A scented candle can change the mood of a space in an instant and you can take your nightly candle routine to the next level by spending some time gazing at the candle flame. Protect your eyes by softly focusing at the base of the flame, spending a few minutes here to feel a sense of peace and calm. It’s a great way to meditate if you find it hard focusing on your breath alone. Bring your loved ones into the ritual with a late night bonfire where you can spend some time writing out what you want to release and let go of and burn the papers together. There’s also non-fire related ways to bring some fiery magic into your life. Carry red jasper, garnet or carnelian crystals for when you need a dose of energy and motivation.

Water

Forget the aisles filled with every variety of mineral, filtered, spring and sparkling water that we have at our disposable, and let’s go back to basics. We simply can’t survive without it and on an energetic level, water corresponds to our emotional landscape, the moon, our intuition and dreams. It’s at once calming and soothing, but there’s also a sense of release when we cry and feeling of power in the rain, storms and its ability to put out fires.

The wonderful thing about this element, is that it’s so easy to add in to your everyday routines. Indulge in a ritual bath and pay attention to how the water feels on your skin and fill the tub with your favourite bath salts, oils and dried flowers. Of course, swimming and taking a soak in the ocean is a preferable option but your local pool is also a great way to utilise this element if you’re feeling overwhelmed and need to self-soothe. Another way to turn water into a ritual is by going all-out on your next cup of tea and doing a herbal tea meditation. From the moment you boil the kettle to the very last sip, just take your time and treat it like a mindfulness practice. Notice the sound that the kettle makes as it boils, savour every sip of tea, paying attention to how it tastes, the temperature and how it makes you feel.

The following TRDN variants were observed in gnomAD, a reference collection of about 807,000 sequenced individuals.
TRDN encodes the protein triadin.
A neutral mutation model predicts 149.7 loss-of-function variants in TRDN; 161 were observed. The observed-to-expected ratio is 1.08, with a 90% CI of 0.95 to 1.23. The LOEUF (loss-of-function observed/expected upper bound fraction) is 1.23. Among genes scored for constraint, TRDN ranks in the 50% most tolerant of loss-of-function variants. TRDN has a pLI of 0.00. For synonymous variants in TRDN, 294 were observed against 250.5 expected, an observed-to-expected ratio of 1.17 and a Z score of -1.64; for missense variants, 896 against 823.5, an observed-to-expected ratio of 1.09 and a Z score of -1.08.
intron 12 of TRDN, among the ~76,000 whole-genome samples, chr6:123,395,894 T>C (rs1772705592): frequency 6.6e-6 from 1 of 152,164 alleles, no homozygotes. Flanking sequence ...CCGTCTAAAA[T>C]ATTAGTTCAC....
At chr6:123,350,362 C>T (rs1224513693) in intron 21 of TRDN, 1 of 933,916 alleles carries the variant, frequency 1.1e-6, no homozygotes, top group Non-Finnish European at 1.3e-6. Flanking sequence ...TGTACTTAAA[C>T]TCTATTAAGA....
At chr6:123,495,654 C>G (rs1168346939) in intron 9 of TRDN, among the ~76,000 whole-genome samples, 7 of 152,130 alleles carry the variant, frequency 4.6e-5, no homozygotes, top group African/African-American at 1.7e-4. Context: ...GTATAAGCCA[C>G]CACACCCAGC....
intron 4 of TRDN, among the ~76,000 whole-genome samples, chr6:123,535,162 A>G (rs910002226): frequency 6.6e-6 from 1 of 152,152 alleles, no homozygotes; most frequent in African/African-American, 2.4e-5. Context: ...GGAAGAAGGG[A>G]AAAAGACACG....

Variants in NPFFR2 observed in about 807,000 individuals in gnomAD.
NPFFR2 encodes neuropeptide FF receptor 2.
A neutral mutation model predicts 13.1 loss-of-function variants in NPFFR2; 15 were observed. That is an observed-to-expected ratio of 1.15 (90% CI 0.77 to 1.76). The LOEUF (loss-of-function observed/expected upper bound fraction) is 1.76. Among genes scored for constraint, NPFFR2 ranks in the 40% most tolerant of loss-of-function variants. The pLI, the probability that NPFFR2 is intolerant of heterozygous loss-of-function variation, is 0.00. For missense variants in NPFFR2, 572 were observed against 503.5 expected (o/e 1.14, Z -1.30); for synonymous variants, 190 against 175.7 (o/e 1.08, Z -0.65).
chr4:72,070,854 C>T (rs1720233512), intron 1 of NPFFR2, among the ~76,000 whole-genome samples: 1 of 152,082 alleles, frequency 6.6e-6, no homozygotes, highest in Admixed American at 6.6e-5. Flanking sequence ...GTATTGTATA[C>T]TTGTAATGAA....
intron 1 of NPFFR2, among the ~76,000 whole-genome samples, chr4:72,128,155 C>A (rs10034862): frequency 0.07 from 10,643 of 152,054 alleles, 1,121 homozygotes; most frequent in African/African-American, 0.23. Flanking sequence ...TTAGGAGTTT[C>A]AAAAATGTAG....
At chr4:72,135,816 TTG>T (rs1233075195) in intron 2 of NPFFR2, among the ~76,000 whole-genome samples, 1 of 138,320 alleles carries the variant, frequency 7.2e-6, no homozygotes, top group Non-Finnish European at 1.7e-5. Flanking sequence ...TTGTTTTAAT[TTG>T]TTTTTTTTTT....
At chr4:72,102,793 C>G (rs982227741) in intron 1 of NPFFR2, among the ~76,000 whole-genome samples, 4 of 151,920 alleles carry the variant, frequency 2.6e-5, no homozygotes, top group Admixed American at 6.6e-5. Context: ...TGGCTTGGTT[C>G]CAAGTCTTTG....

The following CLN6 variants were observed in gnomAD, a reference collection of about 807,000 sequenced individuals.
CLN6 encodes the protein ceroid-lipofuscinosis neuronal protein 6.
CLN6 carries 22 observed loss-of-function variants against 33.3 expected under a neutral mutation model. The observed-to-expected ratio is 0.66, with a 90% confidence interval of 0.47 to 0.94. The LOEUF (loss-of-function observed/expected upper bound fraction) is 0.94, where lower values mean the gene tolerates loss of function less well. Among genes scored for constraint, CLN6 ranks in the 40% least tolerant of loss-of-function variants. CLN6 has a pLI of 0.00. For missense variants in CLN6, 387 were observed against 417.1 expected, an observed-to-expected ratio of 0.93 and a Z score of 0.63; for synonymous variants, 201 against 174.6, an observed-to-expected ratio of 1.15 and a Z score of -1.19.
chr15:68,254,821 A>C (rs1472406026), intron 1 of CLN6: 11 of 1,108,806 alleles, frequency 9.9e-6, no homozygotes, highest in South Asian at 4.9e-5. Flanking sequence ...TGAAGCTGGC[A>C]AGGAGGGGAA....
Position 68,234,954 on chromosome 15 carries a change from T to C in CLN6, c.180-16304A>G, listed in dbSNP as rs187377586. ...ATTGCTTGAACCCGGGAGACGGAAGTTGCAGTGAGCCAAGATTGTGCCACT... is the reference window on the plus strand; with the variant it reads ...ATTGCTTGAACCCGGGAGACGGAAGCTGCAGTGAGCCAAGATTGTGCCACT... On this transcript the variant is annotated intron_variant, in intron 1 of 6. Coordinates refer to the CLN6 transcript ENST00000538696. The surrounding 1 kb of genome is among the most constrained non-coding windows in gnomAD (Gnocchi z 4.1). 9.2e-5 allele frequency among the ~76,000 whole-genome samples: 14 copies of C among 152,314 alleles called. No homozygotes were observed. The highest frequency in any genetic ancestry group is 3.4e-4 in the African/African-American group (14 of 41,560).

Spirit

The bonus fifth element is everything that we’re made of and everything that’s around us, we’re all energy and we’re all connected, so as great as all these tools are, you’re the one who brings the magic. To give all of these elemental rituals a bit of a super-boost, deepen the relationship you have with yourself first. Take the time to add some stillness into your daily life by closing your eyes so you can open up your third eye (the centre of intuition and insight), even if you only have five minutes. Tune into your intuition by regularly checking in with your mind and body before making decisions. Do you get the same filter coffee every morning? Check in and ask if that’s actually what your body wants and trust your gut to guide you. Whether you’re working with crystals or doing a smoke cleanse, you need to set an intention first as that’s where the real power and benefits come from.

Giselle La Pompe-Moore is the founder of Project Ajna and offers one-to-one healing sessions that are rooted in spirituality, mysticism, wellness and self-care.

Summer Sadness Is More Common Than You Think

Summer Sadness

We might be in the throes of one of the hottest, sunniest summers in history, but new research suggests that millions of Brits are unknowingly suffering with anxiety and depression. While we should be reaping the rewards of surplus serotonin (happy hormone) levels, according to a survey carried out by treatment clinic Smart TMS, 33% of us feel less confident than we used to and over 20% of us are sleeping more than we need to. 

Seasonal Affective Disorder (SAD) might be something you usually associate with the cold, dark months of winter, but summer SAD is more common than you think. Read More…

In Praise Of Elegance

Gymnast on beam silouette on pink background